The angel who said “fear not” would not have said “fear not” if they were, in fact, actively engaged in pursuits which were adverse towards the arrival of Wisdom! The shepherds did not reject liberal education and substitute the pursuit of temporal goods in its place.

I take it as a self-evident matter that those shepherds were practicing liberal education to the utmost of their ability! When they were not looking in awe at the stars they were probably soothing their souls with beautiful music on their pipes. They lived the  Quadrivium!

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You laugh and say I stretch the point.

No, listen to the wise Duke  in As You Like It as he describes the education of those who, like the shepherds, might be said to be in a certain kind of “exile” but who manage to find “tongues in trees,” and  “books in the running brooks, sermons in stones, and good in everything”!

Now, my co-mates and brothers in exile,
Hath not old custom made this life more sweet
Than that of painted pomp? Are not these woods
More free from peril than the envious court?
Here feel we not the penalty of Adam,
The seasons’ difference; as the icy fang
And churlish chiding of the winter’s wind,
Which when it bites and blows upon my body,
Even till I shrink with cold, I smile and say
‘This is no flattery; these are counsellors
That feelingly persuade me what I am.’
Sweet are the uses of adversity,
Which, like the toad, ugly and venomous,
Wears yet a precious jewel in his head;
And this our life, exempt from public haunt,
Finds tongues in trees, books in the running brooks,
Sermons in stones, and good in everything.
I would not change it.

Those shepherds were following the advice of Heraclitus better than most when he said,

Wisdom is to speak the truth and to act, according to nature, giving ear thereto.

The shepherds were doing the best they could in developing their hearts and minds and the gifts of human nature in the circumstances in which they were placed, and consequently they were rewarded with Wisdom.

All the more should we!

Merry Christmas!

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The Lord’s Prayer: What Does “Lead Us Not Into Temptation” Mean?

The Lord’s Prayer is, of course, the perfect prayer. I don’t know that we have to offer any sort of proof for this other than the fact that it is the prayer given by Our Lord Himself. In St. Luke’s Gospel we read,

And it came to pass, that as he was in a certain place praying, when he ceased, one of his disciples said to him: Lord, teach us to pray, as John also taught his disciples.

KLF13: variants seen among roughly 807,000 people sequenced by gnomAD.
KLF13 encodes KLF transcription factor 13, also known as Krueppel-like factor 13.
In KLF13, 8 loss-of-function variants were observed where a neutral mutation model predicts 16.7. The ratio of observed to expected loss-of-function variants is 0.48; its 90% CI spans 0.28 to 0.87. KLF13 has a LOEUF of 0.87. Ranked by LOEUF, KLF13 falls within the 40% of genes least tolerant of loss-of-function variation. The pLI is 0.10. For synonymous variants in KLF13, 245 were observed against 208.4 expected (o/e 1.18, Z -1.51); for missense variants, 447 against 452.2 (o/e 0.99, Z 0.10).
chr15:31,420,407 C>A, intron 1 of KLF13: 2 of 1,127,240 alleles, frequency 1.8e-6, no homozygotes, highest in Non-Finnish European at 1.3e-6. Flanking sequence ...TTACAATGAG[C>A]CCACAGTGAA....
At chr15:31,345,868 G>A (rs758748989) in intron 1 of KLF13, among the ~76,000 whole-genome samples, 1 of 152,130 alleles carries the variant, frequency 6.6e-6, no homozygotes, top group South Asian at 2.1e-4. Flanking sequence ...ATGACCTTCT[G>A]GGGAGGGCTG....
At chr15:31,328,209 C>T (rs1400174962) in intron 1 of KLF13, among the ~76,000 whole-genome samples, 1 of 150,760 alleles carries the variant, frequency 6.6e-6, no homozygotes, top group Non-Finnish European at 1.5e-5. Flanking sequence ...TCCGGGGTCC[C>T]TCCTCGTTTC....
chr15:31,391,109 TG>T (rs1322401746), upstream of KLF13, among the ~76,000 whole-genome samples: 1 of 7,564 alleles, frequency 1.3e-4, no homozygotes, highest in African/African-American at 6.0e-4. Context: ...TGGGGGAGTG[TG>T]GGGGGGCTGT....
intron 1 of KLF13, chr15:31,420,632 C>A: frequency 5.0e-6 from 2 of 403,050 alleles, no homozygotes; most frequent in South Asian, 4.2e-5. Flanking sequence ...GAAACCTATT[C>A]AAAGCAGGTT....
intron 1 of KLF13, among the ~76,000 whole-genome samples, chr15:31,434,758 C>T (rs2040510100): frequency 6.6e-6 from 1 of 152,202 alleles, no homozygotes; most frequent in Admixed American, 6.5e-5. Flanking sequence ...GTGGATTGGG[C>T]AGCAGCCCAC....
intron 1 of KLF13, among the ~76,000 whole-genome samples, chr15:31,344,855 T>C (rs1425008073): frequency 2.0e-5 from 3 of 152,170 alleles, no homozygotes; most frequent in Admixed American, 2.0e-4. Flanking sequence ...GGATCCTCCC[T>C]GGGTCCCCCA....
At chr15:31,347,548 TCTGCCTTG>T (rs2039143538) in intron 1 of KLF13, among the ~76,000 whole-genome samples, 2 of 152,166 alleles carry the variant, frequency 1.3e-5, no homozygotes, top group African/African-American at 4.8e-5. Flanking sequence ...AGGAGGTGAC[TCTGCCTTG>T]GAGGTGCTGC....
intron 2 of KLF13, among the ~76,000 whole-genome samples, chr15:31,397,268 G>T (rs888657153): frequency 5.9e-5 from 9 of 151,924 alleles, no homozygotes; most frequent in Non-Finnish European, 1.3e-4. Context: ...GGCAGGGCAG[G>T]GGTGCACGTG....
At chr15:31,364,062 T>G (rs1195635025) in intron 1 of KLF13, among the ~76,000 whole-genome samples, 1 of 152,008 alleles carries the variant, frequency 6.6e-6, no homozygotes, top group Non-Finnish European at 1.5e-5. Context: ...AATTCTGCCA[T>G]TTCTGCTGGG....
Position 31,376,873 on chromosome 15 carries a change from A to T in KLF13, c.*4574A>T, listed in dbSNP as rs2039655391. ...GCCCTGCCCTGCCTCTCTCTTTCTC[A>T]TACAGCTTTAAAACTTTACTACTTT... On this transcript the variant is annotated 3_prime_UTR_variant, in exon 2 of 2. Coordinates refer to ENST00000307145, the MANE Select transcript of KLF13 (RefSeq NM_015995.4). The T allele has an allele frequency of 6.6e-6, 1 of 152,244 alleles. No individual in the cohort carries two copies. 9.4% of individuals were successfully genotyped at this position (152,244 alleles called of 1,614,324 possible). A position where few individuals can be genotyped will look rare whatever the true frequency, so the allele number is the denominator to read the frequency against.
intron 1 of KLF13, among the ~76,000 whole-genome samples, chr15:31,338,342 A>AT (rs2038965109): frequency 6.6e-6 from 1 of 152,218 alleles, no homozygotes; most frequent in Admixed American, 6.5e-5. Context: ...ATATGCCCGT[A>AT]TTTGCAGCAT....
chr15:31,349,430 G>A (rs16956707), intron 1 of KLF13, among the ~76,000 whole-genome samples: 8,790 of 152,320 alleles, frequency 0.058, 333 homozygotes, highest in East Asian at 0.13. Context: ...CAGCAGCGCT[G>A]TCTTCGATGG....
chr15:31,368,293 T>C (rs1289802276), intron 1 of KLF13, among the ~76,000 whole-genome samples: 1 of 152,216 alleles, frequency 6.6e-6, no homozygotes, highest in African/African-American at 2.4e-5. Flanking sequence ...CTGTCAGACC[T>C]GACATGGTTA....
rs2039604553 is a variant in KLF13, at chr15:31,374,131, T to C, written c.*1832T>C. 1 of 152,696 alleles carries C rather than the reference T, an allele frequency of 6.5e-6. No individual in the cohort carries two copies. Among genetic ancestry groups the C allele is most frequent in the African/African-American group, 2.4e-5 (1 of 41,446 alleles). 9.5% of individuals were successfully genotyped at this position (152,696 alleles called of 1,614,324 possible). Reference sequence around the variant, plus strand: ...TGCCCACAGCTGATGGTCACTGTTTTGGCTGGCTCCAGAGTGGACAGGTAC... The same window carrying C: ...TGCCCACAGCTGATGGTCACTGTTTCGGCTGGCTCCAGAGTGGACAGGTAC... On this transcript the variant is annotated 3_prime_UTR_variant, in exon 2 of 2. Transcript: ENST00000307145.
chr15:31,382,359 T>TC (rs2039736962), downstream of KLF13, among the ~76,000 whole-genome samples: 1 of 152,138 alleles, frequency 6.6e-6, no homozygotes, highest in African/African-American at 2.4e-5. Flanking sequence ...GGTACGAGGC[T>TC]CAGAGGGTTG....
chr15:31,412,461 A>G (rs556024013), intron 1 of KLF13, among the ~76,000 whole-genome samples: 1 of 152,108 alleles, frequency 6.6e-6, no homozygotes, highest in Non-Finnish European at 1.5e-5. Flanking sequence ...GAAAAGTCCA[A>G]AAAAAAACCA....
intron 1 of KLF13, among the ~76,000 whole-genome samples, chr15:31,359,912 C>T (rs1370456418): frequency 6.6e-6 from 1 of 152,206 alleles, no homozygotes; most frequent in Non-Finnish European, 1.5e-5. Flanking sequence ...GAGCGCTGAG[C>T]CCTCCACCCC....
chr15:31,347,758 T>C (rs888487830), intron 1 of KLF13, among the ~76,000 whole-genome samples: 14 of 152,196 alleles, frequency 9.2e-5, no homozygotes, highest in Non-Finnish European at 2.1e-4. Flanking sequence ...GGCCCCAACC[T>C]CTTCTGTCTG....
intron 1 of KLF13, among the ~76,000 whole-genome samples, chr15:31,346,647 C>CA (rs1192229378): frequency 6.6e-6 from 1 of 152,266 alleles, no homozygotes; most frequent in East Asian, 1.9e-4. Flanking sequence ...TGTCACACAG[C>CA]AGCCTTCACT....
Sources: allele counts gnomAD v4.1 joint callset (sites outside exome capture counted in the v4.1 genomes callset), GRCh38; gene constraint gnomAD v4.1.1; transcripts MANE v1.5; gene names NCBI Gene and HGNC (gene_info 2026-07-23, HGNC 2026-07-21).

And he said to them: When you pray, say: Father, hallowed be thy name. Thy kingdom come.

Give us this day our daily bread.

And forgive us our sins, for we also forgive every one that is indebted to us. And lead us not into temptation.

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St Luke’s version seems just a little scaled down, and I’m sure there is a good reason for this. Fortunately, though, we have more than one Gospel from which to get the whole story!

St. Matthew records the words of the prayer at greater length!

Thus therefore shall you pray: Our Father who art in heaven, hallowed be thy name.

Thy kingdom come. Thy will be done on earth as it is in heaven.

Give us this day our supersubstantial bread.

And forgive us our debts, as we also forgive our debtors.

And lead us not into temptation. But deliver us from evil. Amen.

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That this is the perfect prayer is attested to by St Augustine, who said,

if we pray rightly and fittingly, we can say nothing else but what is contained in this prayer of Our Lord.

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Since it has come up in the news recently, I have been thinking particularly of the sixth petition  in the prayer: “And lead us not into temptation.”

It has been suggested that perhaps this particular formation of words in English is the result of a bad or faulty translation.

Well, I suppose those of us who don’t know any Greek or Latin will just have to let the experts tell us what to think when it comes to the translation. Ignorance of the classic languages often results in one having to simply bow in deference to the experts.

Now, I happen to know just enough Greek to make my way around a first or second year Greek textbook, and even to read bits and pieces, fragments, of classical literature. Perhaps a little Xenophon, snippets of Aristotle, a little Herodotus – but better than any of these, I am able to make my way through the New Testament in Greek – although slowly.  Especially when I am reading from a Greek – English interlinear translation!

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When it comes to the Lord’s Prayer, I suppose we have to consider the fact that Our Lord spoke Aramaic. Nonetheless, I think we have to also accept the fact that the only authoritative versions of the prayer were written by the Evangelists in Greek.